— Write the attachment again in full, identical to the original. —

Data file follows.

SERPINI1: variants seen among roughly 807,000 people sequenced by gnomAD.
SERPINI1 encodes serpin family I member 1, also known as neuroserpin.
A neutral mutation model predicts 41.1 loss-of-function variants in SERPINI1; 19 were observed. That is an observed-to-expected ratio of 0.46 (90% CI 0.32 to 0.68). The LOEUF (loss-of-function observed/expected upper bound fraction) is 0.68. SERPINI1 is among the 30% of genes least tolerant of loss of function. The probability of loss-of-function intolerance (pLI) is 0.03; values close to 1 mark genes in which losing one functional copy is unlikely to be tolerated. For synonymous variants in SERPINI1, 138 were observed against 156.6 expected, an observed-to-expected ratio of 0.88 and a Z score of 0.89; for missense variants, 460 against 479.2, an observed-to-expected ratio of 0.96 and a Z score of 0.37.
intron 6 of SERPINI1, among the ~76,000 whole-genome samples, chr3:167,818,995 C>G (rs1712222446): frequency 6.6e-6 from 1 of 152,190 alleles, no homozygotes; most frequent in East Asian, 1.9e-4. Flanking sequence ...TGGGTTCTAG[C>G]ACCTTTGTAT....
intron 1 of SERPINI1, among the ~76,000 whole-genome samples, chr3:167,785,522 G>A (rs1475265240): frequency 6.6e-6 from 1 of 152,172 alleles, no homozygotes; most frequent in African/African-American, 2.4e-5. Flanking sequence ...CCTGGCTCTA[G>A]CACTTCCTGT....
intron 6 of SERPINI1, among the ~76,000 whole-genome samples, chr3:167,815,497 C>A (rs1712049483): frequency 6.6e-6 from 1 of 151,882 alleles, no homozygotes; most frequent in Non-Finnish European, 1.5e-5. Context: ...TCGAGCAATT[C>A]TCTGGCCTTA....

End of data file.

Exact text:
SERPINI1: variants seen among roughly 807,000 people sequenced by gnomAD.
SERPINI1 encodes serpin family I member 1, also known as neuroserpin.
A neutral mutation model predicts 41.1 loss-of-function variants in SERPINI1; 19 were observed. That is an observed-to-expected ratio of 0.46 (90% CI 0.32 to 0.68). The LOEUF (loss-of-function observed/expected upper bound fraction) is 0.68. SERPINI1 is among the 30% of genes least tolerant of loss of function. The probability of loss-of-function intolerance (pLI) is 0.03; values close to 1 mark genes in which losing one functional copy is unlikely to be tolerated. For synonymous variants in SERPINI1, 138 were observed against 156.6 expected, an observed-to-expected ratio of 0.88 and a Z score of 0.89; for missense variants, 460 against 479.2, an observed-to-expected ratio of 0.96 and a Z score of 0.37.
intron 6 of SERPINI1, among the ~76,000 whole-genome samples, chr3:167,818,995 C>G (rs1712222446): frequency 6.6e-6 from 1 of 152,190 alleles, no homozygotes; most frequent in East Asian, 1.9e-4. Flanking sequence ...TGGGTTCTAG[C>G]ACCTTTGTAT....
intron 1 of SERPINI1, among the ~76,000 whole-genome samples, chr3:167,785,522 G>A (rs1475265240): frequency 6.6e-6 from 1 of 152,172 alleles, no homozygotes; most frequent in African/African-American, 2.4e-5. Flanking sequence ...CCTGGCTCTA[G>A]CACTTCCTGT....
intron 6 of SERPINI1, among the ~76,000 whole-genome samples, chr3:167,815,497 C>A (rs1712049483): frequency 6.6e-6 from 1 of 151,882 alleles, no homozygotes; most frequent in Non-Finnish European, 1.5e-5. Context: ...TCGAGCAATT[C>A]TCTGGCCTTA....